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Definition of Reaganomics

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The economic program of President Ronald Reagan, including tax cuts, restraint in spending except for defence spending, and less regulation.

Related Terms:

economic components model

Abrams’ model for calculating DLOM based on the interaction of discounts from four economic components.
This model consists of four components: the measure of the economic impact of the delay-to-sale, monopsony power to buyers, and incremental transactions costs to both buyers and sellers.

After-tax profit margin

The ratio of net income to net sales.

After-tax real rate of return

Money after-tax rate of return minus the inflation rate.

Asymmetric taxes

A situation wherein participants in a transaction have different net tax rates.

Average tax rate

taxes as a fraction of income; total taxes divided by total taxable income.

Before-tax profit margin

The ratio of net income before taxes to net sales.

Break-even tax rate

The tax rate at which a party to a prospective transaction is indifferent between entering
into and not entering into the transaction.

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Cash flow after interest and taxes

Net income plus depreciation.

Corporate tax view

The argument that double (corporate and individual) taxation of equity returns makes
debt a cheaper financing method.

Corporate taxable equivalent

Rate of return required on a par bond to produce the same after-tax yield to
maturity that the premium or discount bond quoted would.

Deferred taxes

A non-cash expense that provides a source of free cash flow. Amount allocated during the
period to cover tax liabilities that have not yet been paid.

Depreciation tax shield

The value of the tax write-off on depreciation of plant and equipment.

Direct stock-purchase programs

The purchase by investors of securities directly from the issuer.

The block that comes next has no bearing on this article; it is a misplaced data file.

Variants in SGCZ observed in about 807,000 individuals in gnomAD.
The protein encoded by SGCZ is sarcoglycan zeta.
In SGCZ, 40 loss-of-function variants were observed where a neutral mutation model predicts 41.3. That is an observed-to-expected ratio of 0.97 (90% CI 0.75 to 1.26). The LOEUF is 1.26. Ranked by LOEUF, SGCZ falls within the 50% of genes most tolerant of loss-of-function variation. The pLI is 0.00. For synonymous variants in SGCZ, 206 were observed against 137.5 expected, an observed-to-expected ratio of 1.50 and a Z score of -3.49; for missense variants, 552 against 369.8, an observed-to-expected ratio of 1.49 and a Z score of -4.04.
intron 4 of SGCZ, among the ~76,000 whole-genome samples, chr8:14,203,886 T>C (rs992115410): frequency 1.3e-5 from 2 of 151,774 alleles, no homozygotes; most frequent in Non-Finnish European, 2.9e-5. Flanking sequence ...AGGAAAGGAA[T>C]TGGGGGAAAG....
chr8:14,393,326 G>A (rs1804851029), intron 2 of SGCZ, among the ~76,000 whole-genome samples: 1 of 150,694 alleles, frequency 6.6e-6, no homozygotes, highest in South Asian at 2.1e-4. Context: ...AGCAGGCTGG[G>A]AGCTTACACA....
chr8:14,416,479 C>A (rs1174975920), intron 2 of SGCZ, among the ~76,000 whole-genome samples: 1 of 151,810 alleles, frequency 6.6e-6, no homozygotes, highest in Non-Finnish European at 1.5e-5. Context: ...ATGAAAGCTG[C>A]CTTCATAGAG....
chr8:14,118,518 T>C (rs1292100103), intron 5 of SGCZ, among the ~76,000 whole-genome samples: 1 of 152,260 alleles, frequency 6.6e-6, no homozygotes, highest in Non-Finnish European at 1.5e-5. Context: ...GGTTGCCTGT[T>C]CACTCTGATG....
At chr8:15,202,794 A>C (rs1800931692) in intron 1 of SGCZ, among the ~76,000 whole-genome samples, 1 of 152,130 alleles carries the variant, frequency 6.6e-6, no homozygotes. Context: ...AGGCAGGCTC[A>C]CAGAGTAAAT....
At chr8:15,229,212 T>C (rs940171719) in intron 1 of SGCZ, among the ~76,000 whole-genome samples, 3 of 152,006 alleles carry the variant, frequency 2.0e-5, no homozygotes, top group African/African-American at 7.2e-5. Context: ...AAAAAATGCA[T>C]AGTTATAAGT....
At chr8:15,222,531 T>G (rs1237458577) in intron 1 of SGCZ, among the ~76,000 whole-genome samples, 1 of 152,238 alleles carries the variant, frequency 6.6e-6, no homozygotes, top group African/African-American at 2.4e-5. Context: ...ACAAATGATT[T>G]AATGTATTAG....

Double-tax agreement

Agreement between two countries that taxes paid abroad can be offset against
domestic taxes levied on foreign dividends.

Earnings before interest and taxes (EBIT)

A financial measure defined as revenues less cost of goods sold
and selling, general, and administrative expenses. In other words, operating and non-operating profit before
the deduction of interest and income taxes.

Economic assumptions

economic environment in which the firm expects to reside over the life of the
financial plan.

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Economic defeasance

See: in-substance defeasance.

Economic dependence

Exists when the costs and/or revenues of one project depend on those of another.

Economic earnings

The real flow of cash that a firm could pay out forever in the absence of any change in
the firm's productive capacity.

Economic exposure

The extent to which the value of the firm will change because of an exchange rate change.

Economic income

Cash flow plus change in present value.

Economic order quantity (EOQ)

The order quantity that minimizes total inventory costs.

Economic rents

Profits in excess of the competitive level.

Economic risk

In project financing, the risk that the project's output will not be salable at a price that will
cover the project's operating and maintenance costs and its debt service requirements.

Economic surplus

For any entity, the difference between the market value of all its assets and the market
value of its liabilities.

Economic union

An agreement between two or more countries that allows the free movement of capital,
labor, all goods and services, and involves the harmonization and unification of social, fiscal, and monetary

Equivalent taxable yield

The yield that must be offered on a taxable bond issue to give the same after-tax
yield as a tax-exempt issue.

Except for opinion

An auditor's opinion reflecting the fact that the auditor was unable to audit certain areas
of the company's operations because of restrictions imposed by management or other conditions beyond the
auditor's control.

Foreign tax credit

Home country credit against domestic income tax for foreign taxes paid on foreign
derived earnings.

Guarantor program

Under the Freddie Mac program, the aggregation by a single issuer (usually an S&L)
for the purpose of forming a qualifying pool to be issued as PCs under the Freddie Mac guarantee.

Harmless warrant

Warrant that allows the user to purchase a bond only by surrendering an existing bond
with similar terms.

Imputation tax system

Arrangement by which investors who receive a dividend also receive a tax credit for
corporate taxes that the firm has paid.

Informationless trades

Trades that are the result of either a reallocation of wealth or an implementation of an
investment strategy that only utilizes existing information.

Integer programming

Variant of linear programming whereby the solution values must be integers.

Interest equalization tax

tax on foreign investment by residents of the U.S. which was abolished in 1974.